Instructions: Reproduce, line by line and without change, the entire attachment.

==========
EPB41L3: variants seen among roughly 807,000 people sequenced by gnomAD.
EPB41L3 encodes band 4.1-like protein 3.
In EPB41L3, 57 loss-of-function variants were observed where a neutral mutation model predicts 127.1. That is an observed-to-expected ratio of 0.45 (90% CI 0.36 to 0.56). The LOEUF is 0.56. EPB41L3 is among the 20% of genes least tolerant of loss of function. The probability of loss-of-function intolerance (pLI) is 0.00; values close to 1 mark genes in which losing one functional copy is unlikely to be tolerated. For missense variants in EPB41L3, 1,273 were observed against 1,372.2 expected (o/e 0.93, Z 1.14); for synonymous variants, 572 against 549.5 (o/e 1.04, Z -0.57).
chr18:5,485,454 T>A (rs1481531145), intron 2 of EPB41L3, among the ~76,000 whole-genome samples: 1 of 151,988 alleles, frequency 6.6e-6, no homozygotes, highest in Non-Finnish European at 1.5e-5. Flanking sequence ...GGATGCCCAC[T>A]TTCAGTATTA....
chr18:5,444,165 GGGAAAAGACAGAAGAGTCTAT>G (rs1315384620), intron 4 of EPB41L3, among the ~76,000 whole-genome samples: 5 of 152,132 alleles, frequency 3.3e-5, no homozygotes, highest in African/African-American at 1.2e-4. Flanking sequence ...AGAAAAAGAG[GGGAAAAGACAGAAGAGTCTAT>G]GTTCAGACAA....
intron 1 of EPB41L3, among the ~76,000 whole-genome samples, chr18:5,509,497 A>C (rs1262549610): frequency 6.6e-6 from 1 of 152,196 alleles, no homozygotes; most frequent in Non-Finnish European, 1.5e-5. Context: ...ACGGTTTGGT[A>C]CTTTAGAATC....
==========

EPB41L3: variants seen among roughly 807,000 people sequenced by gnomAD.
EPB41L3 encodes band 4.1-like protein 3.
In EPB41L3, 57 loss-of-function variants were observed where a neutral mutation model predicts 127.1. That is an observed-to-expected ratio of 0.45 (90% CI 0.36 to 0.56). The LOEUF is 0.56. EPB41L3 is among the 20% of genes least tolerant of loss of function. The probability of loss-of-function intolerance (pLI) is 0.00; values close to 1 mark genes in which losing one functional copy is unlikely to be tolerated. For missense variants in EPB41L3, 1,273 were observed against 1,372.2 expected (o/e 0.93, Z 1.14); for synonymous variants, 572 against 549.5 (o/e 1.04, Z -0.57).
chr18:5,485,454 T>A (rs1481531145), intron 2 of EPB41L3, among the ~76,000 whole-genome samples: 1 of 151,988 alleles, frequency 6.6e-6, no homozygotes, highest in Non-Finnish European at 1.5e-5. Flanking sequence ...GGATGCCCAC[T>A]TTCAGTATTA....
chr18:5,444,165 GGGAAAAGACAGAAGAGTCTAT>G (rs1315384620), intron 4 of EPB41L3, among the ~76,000 whole-genome samples: 5 of 152,132 alleles, frequency 3.3e-5, no homozygotes, highest in African/African-American at 1.2e-4. Flanking sequence ...AGAAAAAGAG[GGGAAAAGACAGAAGAGTCTAT>G]GTTCAGACAA....
intron 1 of EPB41L3, among the ~76,000 whole-genome samples, chr18:5,509,497 A>C (rs1262549610): frequency 6.6e-6 from 1 of 152,196 alleles, no homozygotes; most frequent in Non-Finnish European, 1.5e-5. Context: ...ACGGTTTGGT[A>C]CTTTAGAATC....